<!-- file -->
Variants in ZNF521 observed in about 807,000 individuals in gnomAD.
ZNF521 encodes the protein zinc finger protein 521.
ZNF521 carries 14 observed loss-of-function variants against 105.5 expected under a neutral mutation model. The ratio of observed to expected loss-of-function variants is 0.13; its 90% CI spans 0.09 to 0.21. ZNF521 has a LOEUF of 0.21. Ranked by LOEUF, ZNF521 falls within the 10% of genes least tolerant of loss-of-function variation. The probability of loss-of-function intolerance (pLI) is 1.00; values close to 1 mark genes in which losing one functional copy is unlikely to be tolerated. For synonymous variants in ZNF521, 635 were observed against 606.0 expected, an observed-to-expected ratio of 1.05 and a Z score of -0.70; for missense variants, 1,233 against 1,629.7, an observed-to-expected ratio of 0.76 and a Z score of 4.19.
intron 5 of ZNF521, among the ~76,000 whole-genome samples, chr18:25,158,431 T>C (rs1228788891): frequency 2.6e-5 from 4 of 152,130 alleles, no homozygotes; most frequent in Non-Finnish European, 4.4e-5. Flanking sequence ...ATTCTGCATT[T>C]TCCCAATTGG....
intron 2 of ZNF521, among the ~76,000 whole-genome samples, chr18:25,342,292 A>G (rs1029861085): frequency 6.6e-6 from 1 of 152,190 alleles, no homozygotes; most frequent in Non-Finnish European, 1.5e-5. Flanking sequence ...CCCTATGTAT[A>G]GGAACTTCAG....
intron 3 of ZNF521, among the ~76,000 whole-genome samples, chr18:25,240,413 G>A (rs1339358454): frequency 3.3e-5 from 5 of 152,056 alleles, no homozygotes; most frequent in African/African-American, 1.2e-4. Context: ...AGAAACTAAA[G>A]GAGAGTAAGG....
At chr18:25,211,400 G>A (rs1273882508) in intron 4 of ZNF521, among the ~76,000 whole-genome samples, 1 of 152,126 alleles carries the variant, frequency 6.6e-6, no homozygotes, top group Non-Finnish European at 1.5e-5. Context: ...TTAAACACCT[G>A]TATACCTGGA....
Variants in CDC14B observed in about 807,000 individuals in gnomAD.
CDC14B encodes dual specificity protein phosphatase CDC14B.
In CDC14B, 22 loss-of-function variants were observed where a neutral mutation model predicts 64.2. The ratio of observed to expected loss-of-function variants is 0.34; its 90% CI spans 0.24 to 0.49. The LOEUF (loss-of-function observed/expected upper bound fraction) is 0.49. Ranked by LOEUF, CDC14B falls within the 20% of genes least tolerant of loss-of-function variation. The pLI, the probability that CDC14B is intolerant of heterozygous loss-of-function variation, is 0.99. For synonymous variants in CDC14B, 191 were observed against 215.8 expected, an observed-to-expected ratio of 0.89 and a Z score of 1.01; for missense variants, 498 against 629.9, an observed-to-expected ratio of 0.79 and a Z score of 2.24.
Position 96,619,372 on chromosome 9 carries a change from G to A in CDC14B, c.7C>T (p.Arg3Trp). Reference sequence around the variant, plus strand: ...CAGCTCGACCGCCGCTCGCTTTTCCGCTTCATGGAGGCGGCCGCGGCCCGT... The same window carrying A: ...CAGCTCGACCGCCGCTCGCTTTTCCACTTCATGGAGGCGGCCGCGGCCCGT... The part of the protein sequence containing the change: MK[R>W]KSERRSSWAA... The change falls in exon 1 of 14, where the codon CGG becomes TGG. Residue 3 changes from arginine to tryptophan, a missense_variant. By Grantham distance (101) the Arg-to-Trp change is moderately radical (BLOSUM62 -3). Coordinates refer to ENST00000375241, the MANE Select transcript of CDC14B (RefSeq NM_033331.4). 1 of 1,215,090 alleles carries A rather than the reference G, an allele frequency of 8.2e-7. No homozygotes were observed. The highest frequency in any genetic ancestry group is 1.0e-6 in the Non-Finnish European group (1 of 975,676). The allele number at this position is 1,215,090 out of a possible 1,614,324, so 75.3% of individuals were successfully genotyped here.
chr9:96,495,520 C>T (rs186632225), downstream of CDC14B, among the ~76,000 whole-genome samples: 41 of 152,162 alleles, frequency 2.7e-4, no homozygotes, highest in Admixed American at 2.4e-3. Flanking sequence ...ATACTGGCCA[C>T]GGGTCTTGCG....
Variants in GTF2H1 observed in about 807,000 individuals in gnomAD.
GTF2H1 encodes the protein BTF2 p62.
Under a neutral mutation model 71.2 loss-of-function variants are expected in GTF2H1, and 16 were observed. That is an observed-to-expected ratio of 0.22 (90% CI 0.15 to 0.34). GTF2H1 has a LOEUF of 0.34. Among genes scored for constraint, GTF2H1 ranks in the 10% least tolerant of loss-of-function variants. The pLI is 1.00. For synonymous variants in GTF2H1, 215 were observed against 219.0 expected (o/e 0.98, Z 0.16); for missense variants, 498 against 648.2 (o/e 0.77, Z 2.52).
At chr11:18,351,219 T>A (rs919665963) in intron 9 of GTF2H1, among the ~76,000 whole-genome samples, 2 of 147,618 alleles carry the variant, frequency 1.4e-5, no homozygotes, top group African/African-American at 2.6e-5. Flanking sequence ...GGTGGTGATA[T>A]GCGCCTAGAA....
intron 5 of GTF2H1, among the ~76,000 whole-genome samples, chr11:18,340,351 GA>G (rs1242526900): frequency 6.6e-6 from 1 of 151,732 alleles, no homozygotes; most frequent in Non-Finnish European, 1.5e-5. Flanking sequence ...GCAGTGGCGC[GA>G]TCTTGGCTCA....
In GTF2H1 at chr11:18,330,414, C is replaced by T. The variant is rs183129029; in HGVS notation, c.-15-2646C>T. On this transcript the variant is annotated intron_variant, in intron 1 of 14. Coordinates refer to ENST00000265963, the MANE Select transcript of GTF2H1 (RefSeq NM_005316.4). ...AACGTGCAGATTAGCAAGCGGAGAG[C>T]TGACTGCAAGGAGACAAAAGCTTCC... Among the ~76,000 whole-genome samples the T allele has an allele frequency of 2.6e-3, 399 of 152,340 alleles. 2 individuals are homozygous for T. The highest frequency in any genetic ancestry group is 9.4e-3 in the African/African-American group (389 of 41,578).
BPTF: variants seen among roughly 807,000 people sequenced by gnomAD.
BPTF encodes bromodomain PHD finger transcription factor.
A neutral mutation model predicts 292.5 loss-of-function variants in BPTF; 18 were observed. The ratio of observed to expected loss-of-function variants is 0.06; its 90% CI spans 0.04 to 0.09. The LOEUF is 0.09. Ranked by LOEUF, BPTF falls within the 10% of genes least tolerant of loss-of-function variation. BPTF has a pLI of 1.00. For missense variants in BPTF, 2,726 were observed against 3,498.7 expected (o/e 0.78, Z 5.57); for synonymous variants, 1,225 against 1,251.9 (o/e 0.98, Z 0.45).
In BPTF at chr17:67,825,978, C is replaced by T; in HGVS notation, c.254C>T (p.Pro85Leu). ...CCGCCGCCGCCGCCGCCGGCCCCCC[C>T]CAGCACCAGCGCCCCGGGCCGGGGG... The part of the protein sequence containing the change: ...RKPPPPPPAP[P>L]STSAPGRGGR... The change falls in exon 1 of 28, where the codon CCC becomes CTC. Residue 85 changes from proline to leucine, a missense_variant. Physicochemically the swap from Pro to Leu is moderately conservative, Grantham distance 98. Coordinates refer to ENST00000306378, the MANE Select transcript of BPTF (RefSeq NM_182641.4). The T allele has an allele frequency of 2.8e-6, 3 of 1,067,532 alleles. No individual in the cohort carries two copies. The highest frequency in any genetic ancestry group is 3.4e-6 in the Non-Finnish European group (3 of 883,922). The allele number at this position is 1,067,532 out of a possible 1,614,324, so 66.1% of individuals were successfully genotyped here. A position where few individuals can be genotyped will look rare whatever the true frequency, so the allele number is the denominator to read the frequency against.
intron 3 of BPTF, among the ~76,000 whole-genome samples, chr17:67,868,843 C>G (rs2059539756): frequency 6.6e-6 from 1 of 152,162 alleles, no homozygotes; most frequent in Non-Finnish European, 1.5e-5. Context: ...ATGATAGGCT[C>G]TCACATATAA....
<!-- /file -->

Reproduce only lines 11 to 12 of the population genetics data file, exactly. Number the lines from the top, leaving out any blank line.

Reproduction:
Position 96,619,372 on chromosome 9 carries a change from G to A in CDC14B, c.7C>T (p.Arg3Trp). Reference sequence around the variant, plus strand: ...CAGCTCGACCGCCGCTCGCTTTTCCGCTTCATGGAGGCGGCCGCGGCCCGT... The same window carrying A: ...CAGCTCGACCGCCGCTCGCTTTTCCACTTCATGGAGGCGGCCGCGGCCCGT... The part of the protein sequence containing the change: MK[R>W]KSERRSSWAA... The change falls in exon 1 of 14, where the codon CGG becomes TGG. Residue 3 changes from arginine to tryptophan, a missense_variant. By Grantham distance (101) the Arg-to-Trp change is moderately radical (BLOSUM62 -3). Coordinates refer to ENST00000375241, the MANE Select transcript of CDC14B (RefSeq NM_033331.4). 1 of 1,215,090 alleles carries A rather than the reference G, an allele frequency of 8.2e-7. No homozygotes were observed. The highest frequency in any genetic ancestry group is 1.0e-6 in the Non-Finnish European group (1 of 975,676). The allele number at this position is 1,215,090 out of a possible 1,614,324, so 75.3% of individuals were successfully genotyped here.
chr9:96,495,520 C>T (rs186632225), downstream of CDC14B, among the ~76,000 whole-genome samples: 41 of 152,162 alleles, frequency 2.7e-4, no homozygotes, highest in Admixed American at 2.4e-3. Flanking sequence ...ATACTGGCCA[C>T]GGGTCTTGCG....